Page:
Sports

Landis website seeks funds to fight doping charges

Supporters of 2006 Tour de France winner Floyd Landis are behind a website designed to solicit funds to help the American cyclist clear his name of doping charges.

Supporters of 2006 Tour de France winner Floyd Landishave started a website aimed at raising funds to help the American cyclist clear his name of doping charges.

They hope theFloyd Fairness Fundraises $2 million US to help cover legal and other costs related to Landis's defence.

"The Floyd Fairness Fund was established to support Floyd Landis in his efforts to clear his name of unsubstantiated doping allegations by providing him with the means to attain a fair and just hearing," reads a statementon the website.

"Our mission is to support Floyd Landis against unsubstantiated doping allegations; to provide the means to attain fairness for Floyd; and to bring justice to those responsible for misconduct in the case."

Among supporters listed on the New York-based website are Michael Henson, Landis's communications consultant.

Landis won the 2006 Tour de France, but his claim to that prestigious title is still in limbo. Just days after his victory, the International Cycling Federation announced Landis had tested positive for high levels of testosterone during the late stages of the world's most famous bike race.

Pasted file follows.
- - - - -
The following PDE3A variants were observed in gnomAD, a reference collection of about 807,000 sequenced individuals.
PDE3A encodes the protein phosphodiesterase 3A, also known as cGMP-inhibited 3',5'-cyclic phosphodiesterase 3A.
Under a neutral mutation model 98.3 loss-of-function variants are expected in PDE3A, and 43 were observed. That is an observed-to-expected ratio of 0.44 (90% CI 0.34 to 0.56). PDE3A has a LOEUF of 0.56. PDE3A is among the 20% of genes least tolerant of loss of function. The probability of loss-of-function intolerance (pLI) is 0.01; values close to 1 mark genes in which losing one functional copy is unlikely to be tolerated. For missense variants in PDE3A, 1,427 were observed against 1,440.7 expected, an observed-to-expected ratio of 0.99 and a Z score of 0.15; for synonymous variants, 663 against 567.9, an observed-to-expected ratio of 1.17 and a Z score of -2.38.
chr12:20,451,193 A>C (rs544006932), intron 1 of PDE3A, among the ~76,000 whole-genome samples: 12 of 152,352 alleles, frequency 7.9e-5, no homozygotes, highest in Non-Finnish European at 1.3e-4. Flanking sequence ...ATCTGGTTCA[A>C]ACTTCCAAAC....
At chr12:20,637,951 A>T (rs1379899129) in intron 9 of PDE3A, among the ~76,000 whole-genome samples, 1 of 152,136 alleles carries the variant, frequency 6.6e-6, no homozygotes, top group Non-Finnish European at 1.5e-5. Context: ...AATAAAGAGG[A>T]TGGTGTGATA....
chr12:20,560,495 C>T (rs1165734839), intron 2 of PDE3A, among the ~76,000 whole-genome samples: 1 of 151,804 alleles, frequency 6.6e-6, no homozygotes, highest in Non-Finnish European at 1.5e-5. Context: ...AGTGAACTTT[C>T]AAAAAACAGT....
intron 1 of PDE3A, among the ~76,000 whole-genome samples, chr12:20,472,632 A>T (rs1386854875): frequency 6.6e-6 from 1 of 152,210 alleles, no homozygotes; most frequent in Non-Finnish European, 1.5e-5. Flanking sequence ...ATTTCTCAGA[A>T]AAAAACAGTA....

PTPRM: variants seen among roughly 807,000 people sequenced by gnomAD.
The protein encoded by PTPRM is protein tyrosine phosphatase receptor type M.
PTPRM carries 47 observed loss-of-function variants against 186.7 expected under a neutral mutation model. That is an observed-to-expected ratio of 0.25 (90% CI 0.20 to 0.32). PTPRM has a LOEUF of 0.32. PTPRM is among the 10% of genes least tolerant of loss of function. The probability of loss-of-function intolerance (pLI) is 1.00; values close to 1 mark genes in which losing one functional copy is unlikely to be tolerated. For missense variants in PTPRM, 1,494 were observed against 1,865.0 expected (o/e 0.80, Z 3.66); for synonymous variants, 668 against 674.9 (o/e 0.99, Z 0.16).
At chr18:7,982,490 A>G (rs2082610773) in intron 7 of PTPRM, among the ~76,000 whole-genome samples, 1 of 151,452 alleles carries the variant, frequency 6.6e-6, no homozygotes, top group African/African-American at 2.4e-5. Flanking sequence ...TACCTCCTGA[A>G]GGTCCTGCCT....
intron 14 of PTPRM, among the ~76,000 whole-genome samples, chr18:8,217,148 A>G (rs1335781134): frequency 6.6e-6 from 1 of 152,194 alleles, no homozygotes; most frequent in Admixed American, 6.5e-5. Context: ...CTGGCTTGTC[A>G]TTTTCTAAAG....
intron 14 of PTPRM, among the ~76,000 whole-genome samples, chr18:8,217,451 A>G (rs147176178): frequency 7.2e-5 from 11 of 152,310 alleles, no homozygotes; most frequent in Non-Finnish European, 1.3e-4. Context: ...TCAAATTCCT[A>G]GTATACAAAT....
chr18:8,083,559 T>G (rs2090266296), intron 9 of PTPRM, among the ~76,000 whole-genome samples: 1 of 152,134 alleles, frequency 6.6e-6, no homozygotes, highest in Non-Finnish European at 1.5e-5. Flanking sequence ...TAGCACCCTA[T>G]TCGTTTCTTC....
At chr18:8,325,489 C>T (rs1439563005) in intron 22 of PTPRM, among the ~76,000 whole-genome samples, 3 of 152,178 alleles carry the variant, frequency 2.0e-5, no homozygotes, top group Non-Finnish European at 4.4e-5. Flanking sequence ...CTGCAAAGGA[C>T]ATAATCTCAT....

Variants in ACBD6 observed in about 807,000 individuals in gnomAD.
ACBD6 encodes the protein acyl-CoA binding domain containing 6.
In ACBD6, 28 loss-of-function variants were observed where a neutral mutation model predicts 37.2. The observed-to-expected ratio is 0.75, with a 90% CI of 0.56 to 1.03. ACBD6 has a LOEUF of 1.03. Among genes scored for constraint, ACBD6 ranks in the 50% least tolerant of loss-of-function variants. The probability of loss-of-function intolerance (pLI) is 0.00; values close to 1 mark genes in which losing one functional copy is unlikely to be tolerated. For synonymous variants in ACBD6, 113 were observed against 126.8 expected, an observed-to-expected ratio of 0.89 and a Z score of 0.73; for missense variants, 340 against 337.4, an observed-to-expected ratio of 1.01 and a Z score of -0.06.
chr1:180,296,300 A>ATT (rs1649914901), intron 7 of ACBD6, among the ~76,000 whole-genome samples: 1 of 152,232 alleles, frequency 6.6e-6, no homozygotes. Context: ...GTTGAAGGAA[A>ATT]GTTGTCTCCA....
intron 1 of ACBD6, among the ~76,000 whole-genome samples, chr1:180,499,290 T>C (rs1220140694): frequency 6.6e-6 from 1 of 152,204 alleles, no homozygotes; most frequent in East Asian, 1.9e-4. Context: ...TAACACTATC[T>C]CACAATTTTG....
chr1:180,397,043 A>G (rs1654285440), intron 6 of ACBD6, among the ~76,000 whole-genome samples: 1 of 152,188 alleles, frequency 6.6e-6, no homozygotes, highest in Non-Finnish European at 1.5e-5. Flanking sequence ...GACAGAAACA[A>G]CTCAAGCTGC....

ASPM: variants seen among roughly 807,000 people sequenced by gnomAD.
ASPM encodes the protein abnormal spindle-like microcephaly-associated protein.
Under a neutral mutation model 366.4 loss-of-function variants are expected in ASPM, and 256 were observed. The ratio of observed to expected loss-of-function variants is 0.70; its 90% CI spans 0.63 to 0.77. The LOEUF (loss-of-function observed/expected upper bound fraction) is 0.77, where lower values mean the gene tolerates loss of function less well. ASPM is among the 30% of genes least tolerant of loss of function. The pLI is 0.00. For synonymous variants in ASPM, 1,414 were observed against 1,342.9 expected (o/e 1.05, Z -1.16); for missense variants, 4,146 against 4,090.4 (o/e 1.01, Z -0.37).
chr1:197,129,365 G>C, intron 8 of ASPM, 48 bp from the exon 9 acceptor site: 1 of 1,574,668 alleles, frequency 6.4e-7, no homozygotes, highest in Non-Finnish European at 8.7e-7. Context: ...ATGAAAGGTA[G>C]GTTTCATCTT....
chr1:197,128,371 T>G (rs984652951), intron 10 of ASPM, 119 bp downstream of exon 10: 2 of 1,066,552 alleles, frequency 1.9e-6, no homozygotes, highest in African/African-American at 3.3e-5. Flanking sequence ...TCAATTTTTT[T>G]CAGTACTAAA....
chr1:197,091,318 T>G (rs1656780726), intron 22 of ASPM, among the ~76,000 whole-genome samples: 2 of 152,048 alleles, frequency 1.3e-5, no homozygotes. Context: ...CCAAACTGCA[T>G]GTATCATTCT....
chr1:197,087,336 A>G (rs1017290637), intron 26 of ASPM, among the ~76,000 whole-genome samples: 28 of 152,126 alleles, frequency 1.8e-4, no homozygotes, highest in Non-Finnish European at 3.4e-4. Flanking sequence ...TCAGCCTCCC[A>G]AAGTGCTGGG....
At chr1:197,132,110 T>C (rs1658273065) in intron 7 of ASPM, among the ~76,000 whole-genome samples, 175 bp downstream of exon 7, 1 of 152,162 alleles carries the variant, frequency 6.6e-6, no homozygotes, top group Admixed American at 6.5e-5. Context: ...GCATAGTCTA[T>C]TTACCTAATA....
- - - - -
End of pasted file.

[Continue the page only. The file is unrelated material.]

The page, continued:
Landis has denied any wrongdoing, and he and his representatives have blamed procedural errors at the Paris-area lab for the positive result.

In a documentary on The National on Wednesday night, Tom Harrington of CBC News asked Landis if he was doping during the Tour.

"No," answered Landis.

Landis is scheduled to present his formal appealat an arbitration hearing, which will be prosecuted by the U.S. Anti-Doping Agency, in the next few weeks before a panel from the American Arbitration Society.

Landis can appeal that ruling to the international Court of Arbitration for Sport, which has the final say.

If found guilty of doping, Landis faces a minimum two-year ban from the sport and the loss of his Tour de France title.

Tour de France organizers already have said they no longer consider Landis the champion, elevating runner-up Oscar Pereiro of Spain instead.

They also plan to begin proceedings to formally strip Landis of his title when the appeals process has concluded.

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